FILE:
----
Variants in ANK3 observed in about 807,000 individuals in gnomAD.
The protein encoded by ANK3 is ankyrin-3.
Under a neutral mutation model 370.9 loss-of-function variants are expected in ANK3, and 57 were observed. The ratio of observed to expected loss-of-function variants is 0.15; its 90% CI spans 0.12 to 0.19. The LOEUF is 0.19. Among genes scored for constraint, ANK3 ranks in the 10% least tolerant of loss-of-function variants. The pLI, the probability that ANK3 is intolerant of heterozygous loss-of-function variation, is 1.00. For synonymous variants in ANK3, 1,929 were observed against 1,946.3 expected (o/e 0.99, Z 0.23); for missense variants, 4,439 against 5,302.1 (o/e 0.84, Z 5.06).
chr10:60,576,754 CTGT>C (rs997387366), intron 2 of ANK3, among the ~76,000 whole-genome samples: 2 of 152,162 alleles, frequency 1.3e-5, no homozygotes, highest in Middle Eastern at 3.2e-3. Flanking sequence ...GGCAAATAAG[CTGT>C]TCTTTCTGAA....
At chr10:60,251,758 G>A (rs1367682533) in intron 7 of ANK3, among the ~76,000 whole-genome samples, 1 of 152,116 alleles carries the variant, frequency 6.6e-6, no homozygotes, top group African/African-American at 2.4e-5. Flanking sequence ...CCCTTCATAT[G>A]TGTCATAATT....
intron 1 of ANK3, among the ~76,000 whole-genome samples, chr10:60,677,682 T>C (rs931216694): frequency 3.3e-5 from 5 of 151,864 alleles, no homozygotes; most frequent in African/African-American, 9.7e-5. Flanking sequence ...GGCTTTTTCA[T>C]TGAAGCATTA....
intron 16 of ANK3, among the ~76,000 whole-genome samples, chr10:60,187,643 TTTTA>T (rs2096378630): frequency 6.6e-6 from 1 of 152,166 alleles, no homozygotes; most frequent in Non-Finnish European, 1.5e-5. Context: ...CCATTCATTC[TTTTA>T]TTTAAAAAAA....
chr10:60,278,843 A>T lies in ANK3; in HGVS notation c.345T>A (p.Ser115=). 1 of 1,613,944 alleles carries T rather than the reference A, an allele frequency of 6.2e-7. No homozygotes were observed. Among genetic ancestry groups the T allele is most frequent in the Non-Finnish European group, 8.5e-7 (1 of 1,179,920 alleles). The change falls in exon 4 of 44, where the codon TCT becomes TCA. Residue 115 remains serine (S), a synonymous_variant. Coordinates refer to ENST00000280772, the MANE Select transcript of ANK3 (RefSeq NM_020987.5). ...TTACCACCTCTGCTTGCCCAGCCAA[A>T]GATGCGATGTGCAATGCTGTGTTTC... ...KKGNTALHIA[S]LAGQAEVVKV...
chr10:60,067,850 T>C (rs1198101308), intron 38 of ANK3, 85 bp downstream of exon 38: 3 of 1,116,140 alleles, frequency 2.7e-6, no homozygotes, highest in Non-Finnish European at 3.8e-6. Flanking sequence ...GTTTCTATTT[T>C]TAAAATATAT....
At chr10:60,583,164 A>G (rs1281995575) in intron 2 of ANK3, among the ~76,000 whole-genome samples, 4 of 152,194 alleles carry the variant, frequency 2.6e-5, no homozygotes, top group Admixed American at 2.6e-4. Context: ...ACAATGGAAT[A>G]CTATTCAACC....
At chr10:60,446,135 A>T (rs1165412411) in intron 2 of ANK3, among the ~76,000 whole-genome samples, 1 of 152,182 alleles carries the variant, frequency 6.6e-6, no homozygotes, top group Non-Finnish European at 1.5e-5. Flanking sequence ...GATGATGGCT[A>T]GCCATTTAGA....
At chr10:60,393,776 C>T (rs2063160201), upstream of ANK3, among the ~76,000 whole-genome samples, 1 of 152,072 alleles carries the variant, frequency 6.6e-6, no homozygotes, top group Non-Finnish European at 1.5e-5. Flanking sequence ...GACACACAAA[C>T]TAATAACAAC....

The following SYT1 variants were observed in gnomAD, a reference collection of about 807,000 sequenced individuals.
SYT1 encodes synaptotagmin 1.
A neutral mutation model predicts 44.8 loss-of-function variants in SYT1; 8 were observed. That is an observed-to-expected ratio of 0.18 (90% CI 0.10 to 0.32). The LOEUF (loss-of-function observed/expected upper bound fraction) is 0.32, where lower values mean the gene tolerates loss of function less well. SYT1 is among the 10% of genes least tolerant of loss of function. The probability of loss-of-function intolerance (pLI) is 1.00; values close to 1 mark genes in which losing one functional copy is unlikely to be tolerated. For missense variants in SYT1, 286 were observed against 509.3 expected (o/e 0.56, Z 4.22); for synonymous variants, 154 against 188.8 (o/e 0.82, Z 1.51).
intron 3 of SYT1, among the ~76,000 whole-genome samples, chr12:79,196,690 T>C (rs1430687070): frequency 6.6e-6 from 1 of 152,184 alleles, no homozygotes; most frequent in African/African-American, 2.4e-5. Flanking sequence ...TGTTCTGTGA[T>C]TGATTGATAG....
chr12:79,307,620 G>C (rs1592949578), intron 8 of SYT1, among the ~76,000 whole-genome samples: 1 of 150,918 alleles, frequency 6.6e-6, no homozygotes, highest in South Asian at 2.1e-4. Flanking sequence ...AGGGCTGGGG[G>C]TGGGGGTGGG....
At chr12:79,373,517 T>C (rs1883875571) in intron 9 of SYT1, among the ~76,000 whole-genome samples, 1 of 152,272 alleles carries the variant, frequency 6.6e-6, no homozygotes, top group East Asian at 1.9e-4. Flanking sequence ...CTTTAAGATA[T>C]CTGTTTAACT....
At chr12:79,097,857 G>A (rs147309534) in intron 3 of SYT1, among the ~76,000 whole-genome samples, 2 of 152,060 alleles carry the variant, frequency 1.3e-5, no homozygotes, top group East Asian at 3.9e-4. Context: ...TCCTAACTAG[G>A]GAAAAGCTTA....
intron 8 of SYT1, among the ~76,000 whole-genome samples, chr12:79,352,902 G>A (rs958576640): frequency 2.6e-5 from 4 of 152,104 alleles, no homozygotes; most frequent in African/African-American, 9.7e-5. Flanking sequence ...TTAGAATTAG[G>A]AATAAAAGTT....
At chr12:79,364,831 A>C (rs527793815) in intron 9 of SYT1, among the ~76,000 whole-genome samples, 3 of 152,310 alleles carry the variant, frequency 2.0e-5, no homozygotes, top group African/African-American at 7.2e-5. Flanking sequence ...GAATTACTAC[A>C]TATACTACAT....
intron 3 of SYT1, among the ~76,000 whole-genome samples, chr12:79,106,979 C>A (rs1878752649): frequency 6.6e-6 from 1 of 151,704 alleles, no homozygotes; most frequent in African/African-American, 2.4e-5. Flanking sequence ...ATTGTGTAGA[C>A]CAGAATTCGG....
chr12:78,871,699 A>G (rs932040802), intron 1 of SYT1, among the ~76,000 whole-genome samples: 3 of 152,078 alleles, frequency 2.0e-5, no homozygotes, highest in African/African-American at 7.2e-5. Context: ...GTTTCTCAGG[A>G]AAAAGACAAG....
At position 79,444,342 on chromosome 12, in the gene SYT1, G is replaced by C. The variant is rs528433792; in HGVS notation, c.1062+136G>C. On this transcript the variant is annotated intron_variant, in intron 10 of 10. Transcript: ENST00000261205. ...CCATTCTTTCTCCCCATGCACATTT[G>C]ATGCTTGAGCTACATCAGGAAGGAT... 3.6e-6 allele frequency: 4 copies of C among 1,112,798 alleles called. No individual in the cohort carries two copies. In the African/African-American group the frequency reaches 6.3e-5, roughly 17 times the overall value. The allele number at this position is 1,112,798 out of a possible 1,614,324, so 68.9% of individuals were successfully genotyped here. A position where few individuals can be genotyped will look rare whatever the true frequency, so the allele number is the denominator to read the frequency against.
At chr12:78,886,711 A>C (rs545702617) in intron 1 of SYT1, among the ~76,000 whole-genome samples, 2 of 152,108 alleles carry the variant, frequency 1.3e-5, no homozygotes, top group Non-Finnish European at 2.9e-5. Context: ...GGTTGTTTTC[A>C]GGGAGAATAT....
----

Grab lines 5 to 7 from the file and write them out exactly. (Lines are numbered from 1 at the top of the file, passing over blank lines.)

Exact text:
At chr10:60,251,758 G>A (rs1367682533) in intron 7 of ANK3, among the ~76,000 whole-genome samples, 1 of 152,116 alleles carries the variant, frequency 6.6e-6, no homozygotes, top group African/African-American at 2.4e-5. Flanking sequence ...CCCTTCATAT[G>A]TGTCATAATT....
intron 1 of ANK3, among the ~76,000 whole-genome samples, chr10:60,677,682 T>C (rs931216694): frequency 3.3e-5 from 5 of 151,864 alleles, no homozygotes; most frequent in African/African-American, 9.7e-5. Flanking sequence ...GGCTTTTTCA[T>C]TGAAGCATTA....
intron 16 of ANK3, among the ~76,000 whole-genome samples, chr10:60,187,643 TTTTA>T (rs2096378630): frequency 6.6e-6 from 1 of 152,166 alleles, no homozygotes; most frequent in Non-Finnish European, 1.5e-5. Context: ...CCATTCATTC[TTTTA>T]TTTAAAAAAA....